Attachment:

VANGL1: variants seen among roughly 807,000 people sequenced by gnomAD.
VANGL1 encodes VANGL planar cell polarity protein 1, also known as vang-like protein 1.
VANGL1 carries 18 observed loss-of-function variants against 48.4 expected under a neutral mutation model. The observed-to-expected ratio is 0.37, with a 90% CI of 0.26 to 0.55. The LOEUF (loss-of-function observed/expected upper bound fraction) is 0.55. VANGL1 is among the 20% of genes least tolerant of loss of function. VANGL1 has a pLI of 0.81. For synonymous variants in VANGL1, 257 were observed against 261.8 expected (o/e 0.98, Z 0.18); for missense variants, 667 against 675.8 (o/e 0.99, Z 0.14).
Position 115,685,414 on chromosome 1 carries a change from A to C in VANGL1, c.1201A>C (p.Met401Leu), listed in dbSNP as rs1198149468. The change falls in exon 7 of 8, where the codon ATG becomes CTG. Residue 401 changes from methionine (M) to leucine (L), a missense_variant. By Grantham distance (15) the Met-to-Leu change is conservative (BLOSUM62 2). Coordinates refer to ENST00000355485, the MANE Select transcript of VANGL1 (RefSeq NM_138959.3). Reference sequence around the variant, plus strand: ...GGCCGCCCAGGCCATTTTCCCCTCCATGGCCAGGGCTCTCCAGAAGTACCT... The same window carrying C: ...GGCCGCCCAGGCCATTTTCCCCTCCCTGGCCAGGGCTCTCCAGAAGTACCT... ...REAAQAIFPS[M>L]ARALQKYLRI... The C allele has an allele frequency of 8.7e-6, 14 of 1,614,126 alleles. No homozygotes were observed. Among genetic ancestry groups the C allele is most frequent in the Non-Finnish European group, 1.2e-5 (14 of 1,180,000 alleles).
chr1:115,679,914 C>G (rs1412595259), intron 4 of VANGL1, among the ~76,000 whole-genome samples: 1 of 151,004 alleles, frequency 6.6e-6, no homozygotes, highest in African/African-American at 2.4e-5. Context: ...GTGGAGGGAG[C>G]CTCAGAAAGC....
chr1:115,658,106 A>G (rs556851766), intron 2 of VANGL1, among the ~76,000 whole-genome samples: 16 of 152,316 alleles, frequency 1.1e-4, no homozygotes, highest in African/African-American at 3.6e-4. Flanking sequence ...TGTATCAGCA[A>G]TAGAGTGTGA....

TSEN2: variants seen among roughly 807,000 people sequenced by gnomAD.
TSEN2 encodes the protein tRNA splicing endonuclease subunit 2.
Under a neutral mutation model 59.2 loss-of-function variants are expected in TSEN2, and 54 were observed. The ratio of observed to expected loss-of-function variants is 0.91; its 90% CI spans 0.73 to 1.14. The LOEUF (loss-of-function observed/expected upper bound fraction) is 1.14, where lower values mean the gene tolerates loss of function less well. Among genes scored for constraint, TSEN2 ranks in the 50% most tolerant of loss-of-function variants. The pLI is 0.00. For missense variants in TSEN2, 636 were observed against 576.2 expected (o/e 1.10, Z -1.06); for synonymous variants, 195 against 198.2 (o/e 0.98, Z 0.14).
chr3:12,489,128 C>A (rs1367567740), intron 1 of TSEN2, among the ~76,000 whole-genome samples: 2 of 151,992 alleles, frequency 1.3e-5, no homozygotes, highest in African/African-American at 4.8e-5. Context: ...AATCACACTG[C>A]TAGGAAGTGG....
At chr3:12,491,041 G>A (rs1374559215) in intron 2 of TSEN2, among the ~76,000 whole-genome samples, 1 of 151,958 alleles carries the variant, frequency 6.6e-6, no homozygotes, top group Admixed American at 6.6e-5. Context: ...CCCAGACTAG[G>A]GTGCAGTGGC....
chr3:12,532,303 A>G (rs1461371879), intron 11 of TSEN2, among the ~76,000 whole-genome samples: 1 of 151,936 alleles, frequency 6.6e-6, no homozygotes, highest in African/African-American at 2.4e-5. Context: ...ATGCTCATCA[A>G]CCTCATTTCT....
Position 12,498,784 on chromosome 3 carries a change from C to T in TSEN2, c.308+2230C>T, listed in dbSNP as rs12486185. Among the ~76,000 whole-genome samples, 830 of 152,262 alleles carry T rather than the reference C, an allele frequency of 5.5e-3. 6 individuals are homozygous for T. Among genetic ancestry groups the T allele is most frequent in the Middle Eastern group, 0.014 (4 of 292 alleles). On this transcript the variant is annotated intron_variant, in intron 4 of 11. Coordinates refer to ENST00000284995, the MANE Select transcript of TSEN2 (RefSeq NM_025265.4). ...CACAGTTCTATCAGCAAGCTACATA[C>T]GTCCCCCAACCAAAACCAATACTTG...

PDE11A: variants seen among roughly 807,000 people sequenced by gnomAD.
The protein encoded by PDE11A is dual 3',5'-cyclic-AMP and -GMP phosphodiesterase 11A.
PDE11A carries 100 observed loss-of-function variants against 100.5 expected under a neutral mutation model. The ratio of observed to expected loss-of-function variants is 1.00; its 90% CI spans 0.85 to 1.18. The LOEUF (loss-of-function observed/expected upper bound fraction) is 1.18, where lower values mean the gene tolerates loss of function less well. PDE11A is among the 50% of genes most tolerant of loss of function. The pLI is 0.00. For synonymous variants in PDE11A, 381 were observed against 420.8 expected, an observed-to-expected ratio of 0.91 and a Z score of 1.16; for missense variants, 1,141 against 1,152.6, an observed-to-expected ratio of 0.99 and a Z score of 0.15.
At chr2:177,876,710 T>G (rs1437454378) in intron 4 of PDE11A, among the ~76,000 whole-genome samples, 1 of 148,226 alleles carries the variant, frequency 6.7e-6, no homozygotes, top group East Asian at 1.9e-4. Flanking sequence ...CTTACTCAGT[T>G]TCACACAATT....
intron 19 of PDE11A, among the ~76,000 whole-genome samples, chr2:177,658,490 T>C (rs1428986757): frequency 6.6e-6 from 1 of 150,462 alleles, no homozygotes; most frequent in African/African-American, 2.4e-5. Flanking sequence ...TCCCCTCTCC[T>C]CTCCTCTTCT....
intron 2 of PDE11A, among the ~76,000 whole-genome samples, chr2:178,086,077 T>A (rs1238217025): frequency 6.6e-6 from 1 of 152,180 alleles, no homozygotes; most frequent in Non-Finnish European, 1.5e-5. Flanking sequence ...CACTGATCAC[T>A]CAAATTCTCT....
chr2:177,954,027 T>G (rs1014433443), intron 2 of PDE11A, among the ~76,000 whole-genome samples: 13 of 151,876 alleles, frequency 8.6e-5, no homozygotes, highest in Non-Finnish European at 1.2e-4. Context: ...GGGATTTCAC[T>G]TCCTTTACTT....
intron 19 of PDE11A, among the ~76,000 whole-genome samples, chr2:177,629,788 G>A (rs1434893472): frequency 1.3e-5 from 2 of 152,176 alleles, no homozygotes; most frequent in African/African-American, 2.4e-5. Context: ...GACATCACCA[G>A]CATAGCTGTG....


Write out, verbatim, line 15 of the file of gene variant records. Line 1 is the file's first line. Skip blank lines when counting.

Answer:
The protein encoded by PDE11A is dual 3',5'-cyclic-AMP and -GMP phosphodiesterase 11A.